Chief EditorK.M.L. Pathak
Print ISSN 0367-6722
Online ISSN 0976-0555
NAAS Rating 6.43
Impact Factor 0.5 (2023)
Canine Parvoviral Enteritis and Its Determinants-An Epidemiological Analysis
- Email email@example.com
First Online 26-05-2021|
Methods: Retrospective data on the incidence of CPVE in Namakkal region, Tamil Nadu was collected (2017-2019) from Veterinary Clinical Complex (VCC), Veterinary College and Research Institute (VC and RI), Namakkal, Tamil Nadu and had been subjected to temporal and spatial clustering and regression analysis. One hundred and twenty three faecal samples were collected from dogs with clinical signs of CPVE and subjected to PCR using H primer of CPV. Cross-sectional study was used to investigate the relationship between the disease and hypothesized causal factors. Relative risk, odds ratio were used to determine the causal association. Weather data was collected for the period from 2017-2019 from Animal Feed Analytical and Quality Control Laboratory (AFAQAL), VC and RI, Namakkal to assess the relationship of disease occurrence with the environmental determinants. Multiple linear regression model was developed for prediction of CPVE by correlation of environmental determinants with the occurrence of CPVE.
Result: Temporal analysis revealed endemic pattern of CPVE started last week of April, peaks in June and ends in August and second peak was noticed at November month. Higher incidences (>70%) were noticed in males and less than 6 months age group dogs. Polymerase chain reaction for confirmation of CPV infection in dogs revealed the positivity of 70.73%. Analysis of risk factors associated with CPVE revealed that vaccination, roaming of dogs, maternal vaccination and early weaning having positive statistical association with the incidence of CPVE. Multiple linear regression model revealed that relative humidity is positively associated with the occurrence of CPVE in dogs. Vaccination of dogs against CPV and administration of boosters at regular intervals, weaning of dogs after 45 days of age are used as primary strategies for prevention of CPVE.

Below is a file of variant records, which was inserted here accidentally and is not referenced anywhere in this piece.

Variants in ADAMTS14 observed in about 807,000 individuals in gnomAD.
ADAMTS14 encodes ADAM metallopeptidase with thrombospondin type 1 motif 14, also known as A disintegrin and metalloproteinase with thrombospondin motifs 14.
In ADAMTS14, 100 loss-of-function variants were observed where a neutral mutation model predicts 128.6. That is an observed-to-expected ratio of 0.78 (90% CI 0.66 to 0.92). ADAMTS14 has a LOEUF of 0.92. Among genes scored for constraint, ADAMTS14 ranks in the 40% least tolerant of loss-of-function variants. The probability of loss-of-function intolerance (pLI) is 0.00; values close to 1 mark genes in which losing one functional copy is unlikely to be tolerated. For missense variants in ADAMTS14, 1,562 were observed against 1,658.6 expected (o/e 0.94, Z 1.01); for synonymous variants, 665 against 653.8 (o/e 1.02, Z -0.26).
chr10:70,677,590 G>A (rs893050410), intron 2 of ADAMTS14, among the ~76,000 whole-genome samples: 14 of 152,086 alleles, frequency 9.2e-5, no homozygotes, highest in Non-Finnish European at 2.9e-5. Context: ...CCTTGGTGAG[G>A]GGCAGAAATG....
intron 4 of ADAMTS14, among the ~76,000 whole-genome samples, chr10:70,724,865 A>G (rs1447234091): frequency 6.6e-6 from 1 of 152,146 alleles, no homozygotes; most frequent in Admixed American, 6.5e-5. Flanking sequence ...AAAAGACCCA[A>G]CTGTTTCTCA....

MATERIALS AND METHODS
Total of one hundred twenty three faecal samples were collected aseptically from the dogs suspected for CPV infection, brought for treatment to Infectious disease unit, VCC Complex, VC&RI, Namakkal from May, 2019 to April, 2020 in phosphate buffered saline (pH-7.0) and stored at 4oC till further processing. Epidemiological data on the age, sex, breed, vaccination status, dam vaccination details, roaming status, colostrum feeding, etc. of CPVE suspected dogs were collected using structured proforma. The faecal samples of 123 dogs were subjected to template DNA extraction through hot and cold method as described by Schunck et al., (1995). Extracted template DNAs were subjected to polymerase chain reaction (PCR) as per the method described by Buonavoglia et al., (2001) using specific primer for large fragment of the capsid protein-encoding gene of CPV encompassing at least six or seven informative amino acids responsible for important biological properties of the virulence. The sequence of H primer used for PCR is given below.